I turned 40 today. My glass is empty for the fourth time and the bottle rests precariously on the edge of the table. It’s been about three weeks since I came here. To this house. And I am afraid I am losing my mind. But in a good way.  They have voices you know, certain houses. They whisper into your head. Sometimes they talk. And sometimes they stay quiet. Dead quiet. But in the end, insanity is inevitable.  I am not worried about insanity. In fact, insanity is of essence. Especially when you are an artist,  pockets empty and your head even more so. I find inspiration in these voices that I hear here. Turning them into strokes of paint on my canvas gives me strength. I have been painting endlessly since I came. One newfangled idea a day. It is almost like I am famous again. I can still feel the gallery lights warm on my skin as if it was yesterday and not 20 years ago. And I am willing to endure anything in the world to have it again. Even insanity. There is always anothe

Mosquitoes, Cotton Candy and Cinema

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                          Cinema is art, they say. An expression of the highest order. Mirth and melancholy in motion. State whatever you may, for me, cinema has always been that third-row seat at ‘Jagan Talkies’. Beside a soundly snoring grandma. Sucking slowly at a taffy, subconsciously swinging my legs to keep the mosquitoes away. Going to the theater was a fanfare. For mainly two reasons.  One, such an occurrence did not transpire often. A film had to pass a few screening tests to acquire eligibility for the family viewing. No ‘scenes’ as my posh grandmother liked to put it, her fingers making stern quotes on thin air. No gore or too much violence. It should be a product of someone from the well-revised ‘Trusted Heroes and Directors’ list. And most importantly, a show that ended before 8:30 pm, so the womenfolk could make their way home safely(in the secured ambassador with its trusted driver). A solemn request shall then be posted to grandpa who would grunt and pain

Don't let it go

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Don’t let it go ‘Cause that dream is your show.  Go out there, Bask in the spotlights. If no stage, then Sing under the starlight Gleaming in the moonshine Your boundaries got no line. Drink in a thousand sights At dinner tables under chandelier lights Gleaming forks upon napkins, snow-white. If not, honey, then it’s alright. Set your own table Bold tablecloths trailing the dusk-lit ground  With truest of friends to dine around Wooden chairs and plastic cups The chatter, the music of divine As we sit and age like fine wine.  Be wild, Be free Be all that you want to be. Run to places off the map Chart new roads, one time, a lap As willing as the white winds Scared as you might be. You make your choices Shut out those miserable voices That tell you to sit and sip tea Step on your ship and sail the sea If not for treasure, Then for the breeze. Don’t let it go. ‘Cause your dream is your show.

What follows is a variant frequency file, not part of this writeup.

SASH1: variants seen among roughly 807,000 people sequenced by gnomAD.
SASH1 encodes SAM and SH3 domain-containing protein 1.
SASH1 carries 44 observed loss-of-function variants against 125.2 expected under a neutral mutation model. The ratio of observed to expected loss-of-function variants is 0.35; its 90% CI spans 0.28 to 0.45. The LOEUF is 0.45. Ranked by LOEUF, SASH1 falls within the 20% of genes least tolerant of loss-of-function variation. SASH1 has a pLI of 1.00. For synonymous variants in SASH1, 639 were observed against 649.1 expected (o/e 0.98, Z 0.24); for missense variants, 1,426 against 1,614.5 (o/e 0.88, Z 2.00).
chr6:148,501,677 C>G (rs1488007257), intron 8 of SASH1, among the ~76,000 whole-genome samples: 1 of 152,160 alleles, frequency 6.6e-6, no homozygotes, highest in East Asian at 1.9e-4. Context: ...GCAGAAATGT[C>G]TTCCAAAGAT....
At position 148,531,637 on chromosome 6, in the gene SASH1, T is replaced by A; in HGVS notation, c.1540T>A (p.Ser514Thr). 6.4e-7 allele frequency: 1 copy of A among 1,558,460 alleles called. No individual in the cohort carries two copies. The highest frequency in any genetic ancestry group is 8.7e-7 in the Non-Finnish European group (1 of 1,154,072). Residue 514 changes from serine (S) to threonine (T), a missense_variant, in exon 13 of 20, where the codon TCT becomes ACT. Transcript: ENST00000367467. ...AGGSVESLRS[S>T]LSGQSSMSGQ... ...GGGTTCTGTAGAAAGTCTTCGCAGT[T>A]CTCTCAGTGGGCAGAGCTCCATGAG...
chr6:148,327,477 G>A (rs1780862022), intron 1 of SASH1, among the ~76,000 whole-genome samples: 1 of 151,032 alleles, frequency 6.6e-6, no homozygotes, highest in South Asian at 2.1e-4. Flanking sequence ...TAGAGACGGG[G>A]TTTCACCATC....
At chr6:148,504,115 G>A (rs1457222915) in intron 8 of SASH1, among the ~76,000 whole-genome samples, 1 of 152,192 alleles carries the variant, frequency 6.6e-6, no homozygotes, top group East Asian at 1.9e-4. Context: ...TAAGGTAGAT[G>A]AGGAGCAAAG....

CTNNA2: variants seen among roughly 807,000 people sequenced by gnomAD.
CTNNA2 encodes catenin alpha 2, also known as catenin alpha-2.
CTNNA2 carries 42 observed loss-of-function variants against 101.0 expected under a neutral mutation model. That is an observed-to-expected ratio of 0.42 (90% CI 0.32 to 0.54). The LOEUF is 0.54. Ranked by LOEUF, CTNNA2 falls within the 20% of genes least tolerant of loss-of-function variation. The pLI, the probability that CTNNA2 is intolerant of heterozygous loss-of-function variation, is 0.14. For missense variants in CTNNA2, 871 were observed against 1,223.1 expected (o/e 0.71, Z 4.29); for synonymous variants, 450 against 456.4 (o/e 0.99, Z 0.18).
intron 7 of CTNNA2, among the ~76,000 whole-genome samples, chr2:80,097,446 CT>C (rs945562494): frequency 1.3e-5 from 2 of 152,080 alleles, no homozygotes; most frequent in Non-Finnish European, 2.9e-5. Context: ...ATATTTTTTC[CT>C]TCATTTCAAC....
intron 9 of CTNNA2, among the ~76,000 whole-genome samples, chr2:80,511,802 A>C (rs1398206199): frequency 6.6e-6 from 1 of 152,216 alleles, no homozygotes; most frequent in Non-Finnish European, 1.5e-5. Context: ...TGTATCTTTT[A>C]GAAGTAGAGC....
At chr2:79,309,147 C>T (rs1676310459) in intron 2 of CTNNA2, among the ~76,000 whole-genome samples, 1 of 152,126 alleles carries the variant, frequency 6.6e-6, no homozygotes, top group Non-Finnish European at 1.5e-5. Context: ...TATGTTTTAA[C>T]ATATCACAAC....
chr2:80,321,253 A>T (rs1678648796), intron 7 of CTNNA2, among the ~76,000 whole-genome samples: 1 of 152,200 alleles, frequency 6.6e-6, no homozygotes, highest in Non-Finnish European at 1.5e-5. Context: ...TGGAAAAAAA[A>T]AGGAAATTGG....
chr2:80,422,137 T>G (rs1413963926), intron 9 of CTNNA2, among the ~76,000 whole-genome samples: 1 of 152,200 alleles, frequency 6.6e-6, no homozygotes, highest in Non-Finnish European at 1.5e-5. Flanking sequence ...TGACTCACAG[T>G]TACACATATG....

Home-made Series

II. The Monochrome Closet I find it amusing. Is ‘amusing’ the word really? We often brand the incomprehensible ‘amusing’. But that is mine to decipher.  Meet my Grandpa. A kind but grumpy old man, irritated at the slightest of changes- a retired officer used to having his way. A hundred hands always waiting upon him round the clock. The big shot of the town.  He strides in his usual haughty strides as he walks into the room today. Out swings his closet door. His monochrome closet, as I call it. White and black. A rare brown here and an occasional grey there. He stands in front of the gaping closet, scratching his chin. “Aren’t they all the same?”, I think. Dare I not say it out loud. He carefully picks a pair out, looks at it for a moment, straightens and walks out into the kitchen.   I hear my granny over the chatter of cardamom and basil leaves within her prize pot.  “Do I have to tell you everything?” Absolute silence follows. Even the spices hold their breath.